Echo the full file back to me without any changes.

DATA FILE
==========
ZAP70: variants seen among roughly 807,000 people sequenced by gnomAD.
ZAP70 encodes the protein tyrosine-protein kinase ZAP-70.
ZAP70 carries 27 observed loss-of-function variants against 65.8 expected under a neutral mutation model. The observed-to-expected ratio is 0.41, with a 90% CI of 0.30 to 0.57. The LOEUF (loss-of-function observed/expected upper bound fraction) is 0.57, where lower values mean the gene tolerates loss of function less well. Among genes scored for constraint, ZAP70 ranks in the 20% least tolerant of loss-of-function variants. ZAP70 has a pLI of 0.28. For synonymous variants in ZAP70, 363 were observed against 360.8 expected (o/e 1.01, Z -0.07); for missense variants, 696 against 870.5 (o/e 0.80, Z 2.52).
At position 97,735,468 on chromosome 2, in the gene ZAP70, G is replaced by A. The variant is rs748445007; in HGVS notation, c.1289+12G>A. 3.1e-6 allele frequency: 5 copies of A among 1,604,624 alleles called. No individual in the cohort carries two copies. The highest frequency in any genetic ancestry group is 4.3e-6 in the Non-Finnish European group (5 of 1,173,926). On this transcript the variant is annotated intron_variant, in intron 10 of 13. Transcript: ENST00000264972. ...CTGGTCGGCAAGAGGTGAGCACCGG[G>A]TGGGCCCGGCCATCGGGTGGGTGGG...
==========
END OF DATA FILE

ZAP70: variants seen among roughly 807,000 people sequenced by gnomAD.
ZAP70 encodes the protein tyrosine-protein kinase ZAP-70.
ZAP70 carries 27 observed loss-of-function variants against 65.8 expected under a neutral mutation model. The observed-to-expected ratio is 0.41, with a 90% CI of 0.30 to 0.57. The LOEUF (loss-of-function observed/expected upper bound fraction) is 0.57, where lower values mean the gene tolerates loss of function less well. Among genes scored for constraint, ZAP70 ranks in the 20% least tolerant of loss-of-function variants. ZAP70 has a pLI of 0.28. For synonymous variants in ZAP70, 363 were observed against 360.8 expected (o/e 1.01, Z -0.07); for missense variants, 696 against 870.5 (o/e 0.80, Z 2.52).
At position 97,735,468 on chromosome 2, in the gene ZAP70, G is replaced by A. The variant is rs748445007; in HGVS notation, c.1289+12G>A. 3.1e-6 allele frequency: 5 copies of A among 1,604,624 alleles called. No individual in the cohort carries two copies. The highest frequency in any genetic ancestry group is 4.3e-6 in the Non-Finnish European group (5 of 1,173,926). On this transcript the variant is annotated intron_variant, in intron 10 of 13. Transcript: ENST00000264972. ...CTGGTCGGCAAGAGGTGAGCACCGG[G>A]TGGGCCCGGCCATCGGGTGGGTGGG...